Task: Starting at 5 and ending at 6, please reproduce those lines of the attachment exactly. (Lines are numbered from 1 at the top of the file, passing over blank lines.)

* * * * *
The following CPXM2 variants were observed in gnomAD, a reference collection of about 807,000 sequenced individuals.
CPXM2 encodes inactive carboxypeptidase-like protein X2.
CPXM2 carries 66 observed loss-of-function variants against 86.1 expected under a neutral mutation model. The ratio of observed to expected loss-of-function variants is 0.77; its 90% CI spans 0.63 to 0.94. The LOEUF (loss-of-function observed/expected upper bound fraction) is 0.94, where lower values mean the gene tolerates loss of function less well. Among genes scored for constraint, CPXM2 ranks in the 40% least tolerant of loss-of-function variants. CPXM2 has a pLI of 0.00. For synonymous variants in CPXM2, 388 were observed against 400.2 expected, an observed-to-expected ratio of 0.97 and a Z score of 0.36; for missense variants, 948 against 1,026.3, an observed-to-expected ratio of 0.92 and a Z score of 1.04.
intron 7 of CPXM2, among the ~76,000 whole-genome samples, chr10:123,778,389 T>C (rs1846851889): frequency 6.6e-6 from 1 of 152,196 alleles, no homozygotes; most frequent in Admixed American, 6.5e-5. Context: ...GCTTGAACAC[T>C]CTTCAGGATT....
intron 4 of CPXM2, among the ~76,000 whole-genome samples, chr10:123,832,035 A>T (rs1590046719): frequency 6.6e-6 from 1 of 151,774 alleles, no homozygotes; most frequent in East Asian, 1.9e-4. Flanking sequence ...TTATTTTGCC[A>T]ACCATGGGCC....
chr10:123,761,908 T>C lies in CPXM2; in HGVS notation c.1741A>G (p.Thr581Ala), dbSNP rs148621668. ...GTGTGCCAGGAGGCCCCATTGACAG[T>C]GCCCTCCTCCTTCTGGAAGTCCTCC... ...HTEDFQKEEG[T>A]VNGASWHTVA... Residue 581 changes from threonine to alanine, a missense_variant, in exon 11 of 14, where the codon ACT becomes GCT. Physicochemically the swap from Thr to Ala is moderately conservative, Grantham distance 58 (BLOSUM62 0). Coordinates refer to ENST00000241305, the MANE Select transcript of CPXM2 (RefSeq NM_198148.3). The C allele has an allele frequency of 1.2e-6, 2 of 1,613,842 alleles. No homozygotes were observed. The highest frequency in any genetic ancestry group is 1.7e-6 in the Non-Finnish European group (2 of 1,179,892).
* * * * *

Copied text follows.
intron 4 of CPXM2, among the ~76,000 whole-genome samples, chr10:123,832,035 A>T (rs1590046719): frequency 6.6e-6 from 1 of 151,774 alleles, no homozygotes; most frequent in East Asian, 1.9e-4. Flanking sequence ...TTATTTTGCC[A>T]ACCATGGGCC....
chr10:123,761,908 T>C lies in CPXM2; in HGVS notation c.1741A>G (p.Thr581Ala), dbSNP rs148621668. ...GTGTGCCAGGAGGCCCCATTGACAG[T>C]GCCCTCCTCCTTCTGGAAGTCCTCC... ...HTEDFQKEEG[T>A]VNGASWHTVA... Residue 581 changes from threonine to alanine, a missense_variant, in exon 11 of 14, where the codon ACT becomes GCT. Physicochemically the swap from Thr to Ala is moderately conservative, Grantham distance 58 (BLOSUM62 0). Coordinates refer to ENST00000241305, the MANE Select transcript of CPXM2 (RefSeq NM_198148.3). The C allele has an allele frequency of 1.2e-6, 2 of 1,613,842 alleles. No homozygotes were observed. The highest frequency in any genetic ancestry group is 1.7e-6 in the Non-Finnish European group (2 of 1,179,892).